Scientists in China have created a male monkey chimera with green eyes and glowing fingertips. The lab-created primate was the result of an experiment that used pluripotent stem cells from two genetically distinct fertilized eggs of the same monkey species. While the long-tailed macaque (Macaca fascicularis) is not the first of its kind, it is the most chimeric one to date, according to researchers.
The Monkey Chimera Began As A Single Organism Comprised Of Cells From More Than Two Parents
According to Science Alert, the monkey chimera began as a single organism comprised of cells from more than two parents. In the monkey’s body, the tissues and cells originated from two separate stem cell lines, one from a donor embryo and another from a host embryo, manifested in various organs, including the brain, heart, kidney, liver, gastrointestinal tract, testes, and cells that develop into sperm.
Researchers measured contributions from extra donated stem cells in 26 tissue types within the live monkey chimera, ranging from 21 percent to 92 percent. The brain tissues exhibited the highest percentage of donor cell contributions. While previous studies have resulted in chimeric monkey fetuses, the newest addition to this lineage survived for only ten days.
Learning More About Diseases From The Monkey Chimera
The study’s reproductive engineer and senior author, Zhen Liu of the Chinese Academy of Sciences (CAS), expressed optimism, stating, “This is a long-sought goal in the field.” He sees the potential for this experimental work to pave the way for more precise monkey chimera models for studying neurological diseases and other biomedical areas.
The First Monkey Chomera Was Produced In 2012
The first live monkey chimera was reported in 2012, but their donor cells contributed to tissues at much lower percentages. The tissues were limited to blood-rich organs such as the liver, spleen, and placenta. By contrast, the latest chimeric monkey exhibited solid tissues that emitted a distinctive glow, signaling the successful incorporation of donor stem cells.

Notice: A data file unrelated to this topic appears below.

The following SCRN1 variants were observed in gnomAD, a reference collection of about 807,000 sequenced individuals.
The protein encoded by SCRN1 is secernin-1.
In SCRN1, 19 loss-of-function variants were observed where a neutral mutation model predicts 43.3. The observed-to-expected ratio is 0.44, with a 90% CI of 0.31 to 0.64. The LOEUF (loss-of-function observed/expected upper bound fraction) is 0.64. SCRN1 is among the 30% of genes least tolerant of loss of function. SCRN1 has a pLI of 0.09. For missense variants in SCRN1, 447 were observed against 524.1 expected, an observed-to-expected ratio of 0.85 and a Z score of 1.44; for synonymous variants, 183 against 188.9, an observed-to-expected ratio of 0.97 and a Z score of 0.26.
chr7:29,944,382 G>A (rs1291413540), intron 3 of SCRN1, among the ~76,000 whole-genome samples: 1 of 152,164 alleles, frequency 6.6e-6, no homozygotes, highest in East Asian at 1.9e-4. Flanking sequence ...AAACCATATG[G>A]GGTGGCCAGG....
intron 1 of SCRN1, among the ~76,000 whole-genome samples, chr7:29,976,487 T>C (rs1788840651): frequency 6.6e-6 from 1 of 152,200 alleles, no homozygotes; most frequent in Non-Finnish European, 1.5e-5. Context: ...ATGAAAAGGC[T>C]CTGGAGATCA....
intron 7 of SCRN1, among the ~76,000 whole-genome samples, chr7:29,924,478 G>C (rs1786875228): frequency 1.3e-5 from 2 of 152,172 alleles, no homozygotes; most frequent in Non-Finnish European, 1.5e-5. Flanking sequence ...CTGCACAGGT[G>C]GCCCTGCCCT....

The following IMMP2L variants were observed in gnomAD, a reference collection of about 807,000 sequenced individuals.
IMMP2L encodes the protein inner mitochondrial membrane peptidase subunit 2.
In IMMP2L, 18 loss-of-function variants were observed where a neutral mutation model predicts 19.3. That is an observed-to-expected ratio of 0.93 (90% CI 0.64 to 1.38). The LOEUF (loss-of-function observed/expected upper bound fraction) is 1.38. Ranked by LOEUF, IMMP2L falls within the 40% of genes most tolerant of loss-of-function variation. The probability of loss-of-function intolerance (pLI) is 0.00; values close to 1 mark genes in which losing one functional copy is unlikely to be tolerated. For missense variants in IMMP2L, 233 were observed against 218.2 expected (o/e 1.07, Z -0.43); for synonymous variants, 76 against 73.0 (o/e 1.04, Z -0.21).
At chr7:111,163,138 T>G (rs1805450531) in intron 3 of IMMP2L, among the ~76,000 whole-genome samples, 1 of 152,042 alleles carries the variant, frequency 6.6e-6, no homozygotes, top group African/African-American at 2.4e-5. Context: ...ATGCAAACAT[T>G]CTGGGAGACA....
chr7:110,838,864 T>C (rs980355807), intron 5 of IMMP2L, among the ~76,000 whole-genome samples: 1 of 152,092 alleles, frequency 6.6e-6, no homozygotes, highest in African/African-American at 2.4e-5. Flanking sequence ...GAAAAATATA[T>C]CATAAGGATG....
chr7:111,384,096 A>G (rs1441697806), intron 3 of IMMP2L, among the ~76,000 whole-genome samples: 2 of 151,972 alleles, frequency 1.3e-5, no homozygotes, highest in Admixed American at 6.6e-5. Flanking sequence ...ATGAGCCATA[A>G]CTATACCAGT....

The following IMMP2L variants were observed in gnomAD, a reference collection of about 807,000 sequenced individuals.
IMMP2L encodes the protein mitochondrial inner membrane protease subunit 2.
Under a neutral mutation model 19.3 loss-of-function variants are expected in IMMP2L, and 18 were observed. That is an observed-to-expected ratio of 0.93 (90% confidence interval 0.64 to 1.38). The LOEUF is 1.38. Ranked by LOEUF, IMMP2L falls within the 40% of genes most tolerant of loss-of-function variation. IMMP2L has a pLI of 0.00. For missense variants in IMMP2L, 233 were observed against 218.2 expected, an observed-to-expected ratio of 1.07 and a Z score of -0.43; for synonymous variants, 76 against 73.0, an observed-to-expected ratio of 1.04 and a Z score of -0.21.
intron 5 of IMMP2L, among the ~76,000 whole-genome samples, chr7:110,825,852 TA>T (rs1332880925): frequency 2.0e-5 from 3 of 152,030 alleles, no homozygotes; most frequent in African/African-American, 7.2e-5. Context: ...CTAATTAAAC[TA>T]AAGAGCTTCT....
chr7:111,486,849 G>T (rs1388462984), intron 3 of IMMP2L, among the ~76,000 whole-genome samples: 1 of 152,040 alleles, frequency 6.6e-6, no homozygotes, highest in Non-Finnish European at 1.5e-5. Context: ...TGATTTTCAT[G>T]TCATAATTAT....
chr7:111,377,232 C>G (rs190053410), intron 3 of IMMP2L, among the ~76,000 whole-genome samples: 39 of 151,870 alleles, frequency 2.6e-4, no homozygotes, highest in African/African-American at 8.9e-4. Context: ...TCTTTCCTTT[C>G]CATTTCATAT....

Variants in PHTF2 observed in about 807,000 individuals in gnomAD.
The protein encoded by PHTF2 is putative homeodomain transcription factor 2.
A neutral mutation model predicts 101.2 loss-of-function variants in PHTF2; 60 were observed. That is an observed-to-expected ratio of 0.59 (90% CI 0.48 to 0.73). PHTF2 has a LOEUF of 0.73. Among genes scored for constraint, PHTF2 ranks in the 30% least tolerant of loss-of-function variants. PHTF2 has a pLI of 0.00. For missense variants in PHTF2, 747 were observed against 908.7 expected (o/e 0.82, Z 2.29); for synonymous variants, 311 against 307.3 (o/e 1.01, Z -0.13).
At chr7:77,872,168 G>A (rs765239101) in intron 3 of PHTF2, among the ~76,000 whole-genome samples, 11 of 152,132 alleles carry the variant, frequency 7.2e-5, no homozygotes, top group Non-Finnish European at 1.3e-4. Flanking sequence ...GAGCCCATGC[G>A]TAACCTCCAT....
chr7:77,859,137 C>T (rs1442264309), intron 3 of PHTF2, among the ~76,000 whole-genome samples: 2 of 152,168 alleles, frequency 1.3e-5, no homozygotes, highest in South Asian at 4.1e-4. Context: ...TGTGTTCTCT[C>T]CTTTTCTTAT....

The Reasoning Behind The Fluorescent Glow
The scientists engineered embryos with green fluorescent protein-labeled donations, allowing them to identify tissues and cells derived from the donated stem cell line in the monkey chimera. While the efficiency of the process remains low, with only six live births and one exhibiting stem-cell-derived tissues in multiple regions, the researchers consider it a promising step forward.
The challenges lie in refining the efficiency of stem cell and embryo culture in the lab to enhance survival rates during the early stages of development. The monkey chimera study, led by geneticist Jing Cao from CAS, opens new avenues for scientists to delve deeper into the early stages of stem cell differentiation in primates, offering valuable insights not as extensively studied in mice.
However, the creation of animal chimeras, particularly those that involve human cells, raises ethical concerns. These include the fear of species-boundary crossing, the risk of monkey chimera developing human-like consciousness, and the risk of human gamete production. Gametes, the cells needed for reproduction, are created through a process called meiosis.
Despite the ethical concerns surrounding chimeric animal research, proponents argue that the benefits of creating accurate disease models for testing diseases and therapies outweigh the potential drawbacks. Since donor stem cells can be genetically edited, future biomedical research may leverage monkey chimera models to test disease outcomes more accurately.